Swiss Tropical and Public Health Institute and University of Basel, Switzerland
Graubünden – heavily dependent on sport-oriented tourism – was one of the first Swiss cantons to adopt a workplace smoking ban also including the hospitality business. In this issue Bonetti et al.  confirm what they already observed one year after the ban : compared to the two years prior to the ban, hospitalisations due to acute myocardial infarction (AMI) were 21% lower in the following two years (or 22% in the first year after the ban ).
Can this reduction plausibly be considered a consequence of the smoking ban? The combustion of tobacco – exactly as the combustion of other biomasses – is associated with hundreds of toxic pollutants including large amounts of particulate matter (PM). Combustion-related PM have wide-ranging non-specific health effects . Half a century ago, the lack of specificity of those effects was the subject of prolonged debate . In the meantime these effects have become fully explicable by the prevailing biological paradigm that many chronic diseases share common pathological pathways . The strong oxidative capacity of PM, the ability to induce local and systemic inflammation, myocardial hypoxaemia, clotting of the blood, and modulations in heart rate are just a few mechanisms which explain why even myocardial infarction rates correlate with PM exposure . Best described is the dose-response curve for PM and mortality: the logarithm of the number of inhaled particles is linearly associated with mortality all across the range from low to moderate exposures to ambient PM or passive smoking, to the usually higher indoor exposures in households with biomass combustion, up to the extreme PM doses active smokers opt for [7–8].
But can the impact of a smoking ban be that large – 21%? Richiardi et al. derived all the necessary information from the best available scientific literature to predict the impact of smoking bans . They reported a fall of 5–15%. A major source of variation in these estimates related to the time people are assumed to spend in smoky environments. The "average model" used 1 hr/day. This is close to the mean daily duration (1 hr 08 min) of secondhand smoking exposure out-of-home reported on any day by 48% of non-smokers in the Swiss city of Basel at times of no smoking bans . Thus, the 21% fall observed in Graubünden seems to be substantially higher than expected. However, a systematic review of 11 observational studies concluded that smoking bans reduced AMI by 8–25% – an estimate more supportive of the Alpine results .
Should we believe risk prediction models or pre-/post-comparisons of AMI frequencies? Comparisons of aggregated crude data are prone to a broad range of biases that could result in over- or underestimations of the true (unknown) attributable impact. In fact, in epidemiological science such “ecological studies” have a bad reputation similar to “case reports” in clinical research. The two-year follow-up made efforts to address some of the inherent limitations of the previous one-year assessment. Most importantly, the update compares results with the Canton of Lucerne. During the study period Lucerne had no smoking ban and AMI hospitalisations as reported to the Swiss AMI registry (AMIS ) increased some 20% per year. The population of Lucerne increased by 4.7% from 2006 to 2009, while Graubünden’s grew 2.1% over the same period, so population changes cannot fully account for differences between the cantons’ AMI frequency. Trends in age-adjusted mortality rates due to AMI were similar in the two cantons (fig. 1), showing a steady decrease from 1995 to 2001, particularly in men, with no strong patterns thereafter (fig. 1). This raises the question whether the Lucerne trend as observed in AMIS could be due in part to improved reporting compliance in the first years after joining the (voluntary) registry.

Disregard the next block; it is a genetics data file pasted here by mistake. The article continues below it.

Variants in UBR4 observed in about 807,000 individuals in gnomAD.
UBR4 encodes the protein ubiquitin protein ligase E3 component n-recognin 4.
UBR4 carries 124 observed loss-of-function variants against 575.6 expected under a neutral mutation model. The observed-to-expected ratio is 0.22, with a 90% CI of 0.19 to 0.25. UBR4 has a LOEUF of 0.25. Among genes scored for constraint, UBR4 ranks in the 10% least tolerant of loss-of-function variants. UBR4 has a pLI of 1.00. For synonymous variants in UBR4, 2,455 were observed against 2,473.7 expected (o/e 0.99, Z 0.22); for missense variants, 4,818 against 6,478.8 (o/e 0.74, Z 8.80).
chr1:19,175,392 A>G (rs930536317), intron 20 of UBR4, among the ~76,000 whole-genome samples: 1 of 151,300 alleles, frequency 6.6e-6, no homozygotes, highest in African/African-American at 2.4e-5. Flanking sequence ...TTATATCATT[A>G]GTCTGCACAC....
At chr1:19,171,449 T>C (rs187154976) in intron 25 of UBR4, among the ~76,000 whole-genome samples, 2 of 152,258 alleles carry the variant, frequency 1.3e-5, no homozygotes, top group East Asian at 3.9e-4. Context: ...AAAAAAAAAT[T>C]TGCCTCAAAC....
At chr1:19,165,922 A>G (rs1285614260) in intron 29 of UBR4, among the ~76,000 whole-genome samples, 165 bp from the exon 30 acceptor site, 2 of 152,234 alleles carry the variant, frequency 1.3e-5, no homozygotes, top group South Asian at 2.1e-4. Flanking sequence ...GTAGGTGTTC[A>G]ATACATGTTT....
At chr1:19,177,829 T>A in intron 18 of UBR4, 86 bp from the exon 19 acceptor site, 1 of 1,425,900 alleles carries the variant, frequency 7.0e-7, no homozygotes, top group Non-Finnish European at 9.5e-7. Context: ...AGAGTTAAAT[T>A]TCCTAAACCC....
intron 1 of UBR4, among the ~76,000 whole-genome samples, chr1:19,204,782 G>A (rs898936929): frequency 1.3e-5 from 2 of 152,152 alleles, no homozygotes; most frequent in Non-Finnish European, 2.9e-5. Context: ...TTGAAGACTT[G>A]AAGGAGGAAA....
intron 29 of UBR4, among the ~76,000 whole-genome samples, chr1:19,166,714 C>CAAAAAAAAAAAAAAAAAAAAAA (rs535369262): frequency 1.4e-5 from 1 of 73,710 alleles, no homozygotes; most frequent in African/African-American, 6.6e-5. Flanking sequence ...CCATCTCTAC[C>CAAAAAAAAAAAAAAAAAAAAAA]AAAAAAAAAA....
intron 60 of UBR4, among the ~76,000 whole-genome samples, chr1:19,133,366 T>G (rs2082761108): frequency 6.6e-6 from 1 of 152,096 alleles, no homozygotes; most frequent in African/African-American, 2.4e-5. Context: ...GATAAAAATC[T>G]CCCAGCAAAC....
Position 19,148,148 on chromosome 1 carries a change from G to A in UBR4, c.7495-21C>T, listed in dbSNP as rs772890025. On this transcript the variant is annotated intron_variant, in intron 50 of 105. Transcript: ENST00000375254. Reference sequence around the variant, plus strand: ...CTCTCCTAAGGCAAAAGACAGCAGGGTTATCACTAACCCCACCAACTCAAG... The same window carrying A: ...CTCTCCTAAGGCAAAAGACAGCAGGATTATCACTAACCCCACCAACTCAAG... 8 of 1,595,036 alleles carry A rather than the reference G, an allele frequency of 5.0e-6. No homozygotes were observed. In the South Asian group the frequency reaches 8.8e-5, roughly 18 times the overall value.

Trends in lipid-lowering treatment were very similar in both cantons, with no evidence of a sudden increase or fall that would coincide with the ban. There was neither a trend nor a sudden change in ambient air pollutants. Nor, however, was there an association between the monthly mean ambient pollution and the monthly frequency of AMI. As this is inconsistent with established evidence , does it indicate that the study is flawed altogether? Not exactly: with fewer than one AMI admission per day, and with very minor fluctuations in the monthly mean levels of PM10, it is not possible by the chosen analytic approach to confirm the well-known association between air pollution and AMI in this data set. The impact of the (low) air pollution in the Alps could instead be estimated from other studies: for example, the recently published comparison of triggers of AMI  leads to a crude rule-of-thumb that a 10 µg/m3 reduction in PM10 would result in a 2% reduction in AMI. This is far less than the fall observed after the smoking ban. However, a sustained 10 µg/m3 reduction in ambient PM would also reduce the development of chronic pathologies ; thus, the long-term benefit of a “ban on ambient air pollution” would be substantially larger than expected in the first year .